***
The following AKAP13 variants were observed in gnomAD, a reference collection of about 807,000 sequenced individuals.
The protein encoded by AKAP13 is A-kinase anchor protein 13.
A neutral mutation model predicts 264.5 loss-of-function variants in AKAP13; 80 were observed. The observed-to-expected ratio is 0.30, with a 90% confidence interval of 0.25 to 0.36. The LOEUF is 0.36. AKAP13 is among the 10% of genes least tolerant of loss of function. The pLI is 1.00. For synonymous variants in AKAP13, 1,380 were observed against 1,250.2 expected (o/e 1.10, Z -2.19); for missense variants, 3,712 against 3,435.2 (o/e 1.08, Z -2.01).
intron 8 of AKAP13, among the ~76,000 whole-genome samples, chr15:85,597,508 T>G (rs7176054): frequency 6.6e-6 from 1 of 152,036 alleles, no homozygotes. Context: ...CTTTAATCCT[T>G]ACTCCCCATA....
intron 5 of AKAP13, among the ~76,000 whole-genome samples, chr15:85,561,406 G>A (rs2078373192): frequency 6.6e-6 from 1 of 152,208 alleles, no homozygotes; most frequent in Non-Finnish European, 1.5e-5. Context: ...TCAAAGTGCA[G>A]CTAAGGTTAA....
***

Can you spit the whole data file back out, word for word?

The following AKAP13 variants were observed in gnomAD, a reference collection of about 807,000 sequenced individuals.
The protein encoded by AKAP13 is A-kinase anchor protein 13.
A neutral mutation model predicts 264.5 loss-of-function variants in AKAP13; 80 were observed. The observed-to-expected ratio is 0.30, with a 90% confidence interval of 0.25 to 0.36. The LOEUF is 0.36. AKAP13 is among the 10% of genes least tolerant of loss of function. The pLI is 1.00. For synonymous variants in AKAP13, 1,380 were observed against 1,250.2 expected (o/e 1.10, Z -2.19); for missense variants, 3,712 against 3,435.2 (o/e 1.08, Z -2.01).
intron 8 of AKAP13, among the ~76,000 whole-genome samples, chr15:85,597,508 T>G (rs7176054): frequency 6.6e-6 from 1 of 152,036 alleles, no homozygotes. Context: ...CTTTAATCCT[T>G]ACTCCCCATA....
intron 5 of AKAP13, among the ~76,000 whole-genome samples, chr15:85,561,406 G>A (rs2078373192): frequency 6.6e-6 from 1 of 152,208 alleles, no homozygotes; most frequent in Non-Finnish European, 1.5e-5. Context: ...TCAAAGTGCA[G>A]CTAAGGTTAA....